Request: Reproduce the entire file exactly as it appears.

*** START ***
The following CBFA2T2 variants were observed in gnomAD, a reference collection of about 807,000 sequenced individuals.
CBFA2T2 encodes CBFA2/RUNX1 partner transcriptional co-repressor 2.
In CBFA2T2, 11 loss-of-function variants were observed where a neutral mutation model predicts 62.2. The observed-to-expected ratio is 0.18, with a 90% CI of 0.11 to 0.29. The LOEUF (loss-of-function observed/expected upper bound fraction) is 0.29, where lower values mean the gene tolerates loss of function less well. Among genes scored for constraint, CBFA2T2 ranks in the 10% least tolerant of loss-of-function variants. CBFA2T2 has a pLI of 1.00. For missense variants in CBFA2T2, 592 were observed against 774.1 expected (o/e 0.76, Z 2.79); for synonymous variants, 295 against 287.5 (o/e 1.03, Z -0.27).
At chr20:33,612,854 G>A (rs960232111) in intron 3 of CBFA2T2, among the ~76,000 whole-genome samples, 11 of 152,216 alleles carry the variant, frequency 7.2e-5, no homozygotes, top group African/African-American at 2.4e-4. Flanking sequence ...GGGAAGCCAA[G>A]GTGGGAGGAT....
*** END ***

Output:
The following CBFA2T2 variants were observed in gnomAD, a reference collection of about 807,000 sequenced individuals.
CBFA2T2 encodes CBFA2/RUNX1 partner transcriptional co-repressor 2.
In CBFA2T2, 11 loss-of-function variants were observed where a neutral mutation model predicts 62.2. The observed-to-expected ratio is 0.18, with a 90% CI of 0.11 to 0.29. The LOEUF (loss-of-function observed/expected upper bound fraction) is 0.29, where lower values mean the gene tolerates loss of function less well. Among genes scored for constraint, CBFA2T2 ranks in the 10% least tolerant of loss-of-function variants. CBFA2T2 has a pLI of 1.00. For missense variants in CBFA2T2, 592 were observed against 774.1 expected (o/e 0.76, Z 2.79); for synonymous variants, 295 against 287.5 (o/e 1.03, Z -0.27).
At chr20:33,612,854 G>A (rs960232111) in intron 3 of CBFA2T2, among the ~76,000 whole-genome samples, 11 of 152,216 alleles carry the variant, frequency 7.2e-5, no homozygotes, top group African/African-American at 2.4e-4. Flanking sequence ...GGGAAGCCAA[G>A]GTGGGAGGAT....